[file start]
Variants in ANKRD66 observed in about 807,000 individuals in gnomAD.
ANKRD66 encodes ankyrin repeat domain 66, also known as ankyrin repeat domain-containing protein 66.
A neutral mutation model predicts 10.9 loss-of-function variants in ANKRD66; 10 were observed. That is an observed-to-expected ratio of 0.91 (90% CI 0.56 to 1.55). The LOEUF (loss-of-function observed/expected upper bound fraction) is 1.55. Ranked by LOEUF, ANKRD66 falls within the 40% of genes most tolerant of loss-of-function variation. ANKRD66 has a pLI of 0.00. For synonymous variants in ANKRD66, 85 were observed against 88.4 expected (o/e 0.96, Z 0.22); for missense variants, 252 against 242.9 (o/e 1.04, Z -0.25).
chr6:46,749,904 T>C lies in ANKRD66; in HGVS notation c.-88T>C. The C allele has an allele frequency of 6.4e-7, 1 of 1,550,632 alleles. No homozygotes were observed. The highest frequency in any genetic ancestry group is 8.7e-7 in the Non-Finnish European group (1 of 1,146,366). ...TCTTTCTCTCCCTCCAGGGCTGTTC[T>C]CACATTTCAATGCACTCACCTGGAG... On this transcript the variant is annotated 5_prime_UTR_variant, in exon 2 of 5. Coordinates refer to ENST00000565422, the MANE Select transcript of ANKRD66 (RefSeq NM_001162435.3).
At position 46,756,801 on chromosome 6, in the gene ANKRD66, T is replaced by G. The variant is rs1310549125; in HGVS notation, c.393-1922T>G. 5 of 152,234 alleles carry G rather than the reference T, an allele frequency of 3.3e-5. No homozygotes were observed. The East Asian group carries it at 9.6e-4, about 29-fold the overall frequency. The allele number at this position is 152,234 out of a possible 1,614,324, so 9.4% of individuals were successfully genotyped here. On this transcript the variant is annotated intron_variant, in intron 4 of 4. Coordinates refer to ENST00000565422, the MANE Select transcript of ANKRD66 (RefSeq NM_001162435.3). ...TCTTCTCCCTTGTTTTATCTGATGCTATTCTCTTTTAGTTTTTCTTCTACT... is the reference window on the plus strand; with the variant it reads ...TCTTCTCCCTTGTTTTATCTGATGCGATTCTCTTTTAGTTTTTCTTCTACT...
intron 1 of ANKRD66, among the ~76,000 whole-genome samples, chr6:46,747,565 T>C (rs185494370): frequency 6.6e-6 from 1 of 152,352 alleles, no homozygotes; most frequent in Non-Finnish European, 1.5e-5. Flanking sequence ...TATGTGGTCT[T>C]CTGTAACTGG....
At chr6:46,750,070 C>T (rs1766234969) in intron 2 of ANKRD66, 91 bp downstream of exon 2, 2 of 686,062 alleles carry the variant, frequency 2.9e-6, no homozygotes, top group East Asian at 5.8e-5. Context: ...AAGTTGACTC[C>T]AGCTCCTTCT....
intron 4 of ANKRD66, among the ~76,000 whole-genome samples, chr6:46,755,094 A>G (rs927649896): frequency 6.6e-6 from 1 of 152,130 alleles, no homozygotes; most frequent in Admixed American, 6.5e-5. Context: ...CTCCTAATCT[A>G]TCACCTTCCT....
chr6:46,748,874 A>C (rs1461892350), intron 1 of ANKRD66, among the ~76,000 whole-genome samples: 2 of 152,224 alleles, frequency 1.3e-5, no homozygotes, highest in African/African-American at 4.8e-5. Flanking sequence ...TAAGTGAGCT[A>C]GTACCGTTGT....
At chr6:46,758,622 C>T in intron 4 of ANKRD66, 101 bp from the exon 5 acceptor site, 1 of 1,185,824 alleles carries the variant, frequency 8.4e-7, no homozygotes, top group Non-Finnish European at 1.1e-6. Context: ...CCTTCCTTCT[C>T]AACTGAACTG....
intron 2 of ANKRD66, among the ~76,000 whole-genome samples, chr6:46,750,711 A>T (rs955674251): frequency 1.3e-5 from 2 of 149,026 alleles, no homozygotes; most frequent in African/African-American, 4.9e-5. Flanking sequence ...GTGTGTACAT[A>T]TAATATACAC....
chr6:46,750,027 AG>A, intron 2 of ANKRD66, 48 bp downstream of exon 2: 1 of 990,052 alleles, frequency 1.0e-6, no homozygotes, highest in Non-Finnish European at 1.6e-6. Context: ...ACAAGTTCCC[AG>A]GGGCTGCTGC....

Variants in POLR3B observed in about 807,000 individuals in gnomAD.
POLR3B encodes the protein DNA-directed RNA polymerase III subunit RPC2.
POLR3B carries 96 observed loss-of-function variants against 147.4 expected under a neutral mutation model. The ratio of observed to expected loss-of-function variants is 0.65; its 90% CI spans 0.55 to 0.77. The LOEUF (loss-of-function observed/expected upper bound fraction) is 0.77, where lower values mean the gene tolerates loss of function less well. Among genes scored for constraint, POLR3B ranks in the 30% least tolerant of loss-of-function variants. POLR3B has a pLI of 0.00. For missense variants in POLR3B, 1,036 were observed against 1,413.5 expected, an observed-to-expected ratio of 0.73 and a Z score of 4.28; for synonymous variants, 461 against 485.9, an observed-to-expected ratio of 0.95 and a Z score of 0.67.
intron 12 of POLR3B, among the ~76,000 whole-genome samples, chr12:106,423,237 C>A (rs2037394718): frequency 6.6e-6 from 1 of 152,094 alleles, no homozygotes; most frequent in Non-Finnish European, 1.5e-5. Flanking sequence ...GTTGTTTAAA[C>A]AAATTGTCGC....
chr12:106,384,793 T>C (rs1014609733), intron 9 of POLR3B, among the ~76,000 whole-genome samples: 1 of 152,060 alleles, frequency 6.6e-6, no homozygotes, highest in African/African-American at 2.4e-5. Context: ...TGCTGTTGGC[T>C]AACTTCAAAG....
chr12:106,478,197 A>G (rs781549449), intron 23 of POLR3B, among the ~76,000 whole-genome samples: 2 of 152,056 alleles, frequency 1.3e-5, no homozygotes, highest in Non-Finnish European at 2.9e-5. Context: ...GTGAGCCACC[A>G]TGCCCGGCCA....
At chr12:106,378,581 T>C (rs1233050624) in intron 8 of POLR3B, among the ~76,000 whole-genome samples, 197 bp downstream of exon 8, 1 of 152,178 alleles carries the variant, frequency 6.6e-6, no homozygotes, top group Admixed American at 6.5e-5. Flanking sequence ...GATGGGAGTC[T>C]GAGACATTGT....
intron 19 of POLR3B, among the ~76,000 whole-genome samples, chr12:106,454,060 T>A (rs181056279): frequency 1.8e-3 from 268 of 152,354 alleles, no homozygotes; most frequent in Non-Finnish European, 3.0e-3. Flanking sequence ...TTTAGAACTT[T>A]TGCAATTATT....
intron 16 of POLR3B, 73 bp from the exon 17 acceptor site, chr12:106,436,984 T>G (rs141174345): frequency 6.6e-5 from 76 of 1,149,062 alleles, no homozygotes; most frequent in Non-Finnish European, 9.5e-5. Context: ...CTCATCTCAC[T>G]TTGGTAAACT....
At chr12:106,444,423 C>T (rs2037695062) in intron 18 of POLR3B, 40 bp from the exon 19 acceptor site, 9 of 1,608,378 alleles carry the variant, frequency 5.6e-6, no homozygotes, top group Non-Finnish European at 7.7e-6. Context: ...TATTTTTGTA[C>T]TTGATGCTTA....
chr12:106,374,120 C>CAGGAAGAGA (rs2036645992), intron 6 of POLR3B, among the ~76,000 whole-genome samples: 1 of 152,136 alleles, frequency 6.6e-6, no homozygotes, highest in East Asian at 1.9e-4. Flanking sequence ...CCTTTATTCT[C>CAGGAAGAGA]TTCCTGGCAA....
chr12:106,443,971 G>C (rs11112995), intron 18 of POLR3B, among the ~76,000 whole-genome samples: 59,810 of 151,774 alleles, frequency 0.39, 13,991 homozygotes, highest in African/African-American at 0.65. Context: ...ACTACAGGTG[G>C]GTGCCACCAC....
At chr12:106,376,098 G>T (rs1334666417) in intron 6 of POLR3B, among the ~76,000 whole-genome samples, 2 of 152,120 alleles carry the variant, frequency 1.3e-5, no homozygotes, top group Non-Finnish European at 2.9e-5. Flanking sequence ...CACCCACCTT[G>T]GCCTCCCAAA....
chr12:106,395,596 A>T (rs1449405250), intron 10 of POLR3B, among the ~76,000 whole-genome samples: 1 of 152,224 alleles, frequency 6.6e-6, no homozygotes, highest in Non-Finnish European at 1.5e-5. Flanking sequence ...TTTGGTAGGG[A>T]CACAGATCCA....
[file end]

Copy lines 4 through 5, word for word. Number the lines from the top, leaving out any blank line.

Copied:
chr6:46,749,904 T>C lies in ANKRD66; in HGVS notation c.-88T>C. The C allele has an allele frequency of 6.4e-7, 1 of 1,550,632 alleles. No homozygotes were observed. The highest frequency in any genetic ancestry group is 8.7e-7 in the Non-Finnish European group (1 of 1,146,366). ...TCTTTCTCTCCCTCCAGGGCTGTTC[T>C]CACATTTCAATGCACTCACCTGGAG... On this transcript the variant is annotated 5_prime_UTR_variant, in exon 2 of 5. Coordinates refer to ENST00000565422, the MANE Select transcript of ANKRD66 (RefSeq NM_001162435.3).
At position 46,756,801 on chromosome 6, in the gene ANKRD66, T is replaced by G. The variant is rs1310549125; in HGVS notation, c.393-1922T>G. 5 of 152,234 alleles carry G rather than the reference T, an allele frequency of 3.3e-5. No homozygotes were observed. The East Asian group carries it at 9.6e-4, about 29-fold the overall frequency. The allele number at this position is 152,234 out of a possible 1,614,324, so 9.4% of individuals were successfully genotyped here. On this transcript the variant is annotated intron_variant, in intron 4 of 4. Coordinates refer to ENST00000565422, the MANE Select transcript of ANKRD66 (RefSeq NM_001162435.3). ...TCTTCTCCCTTGTTTTATCTGATGCTATTCTCTTTTAGTTTTTCTTCTACT... is the reference window on the plus strand; with the variant it reads ...TCTTCTCCCTTGTTTTATCTGATGCGATTCTCTTTTAGTTTTTCTTCTACT...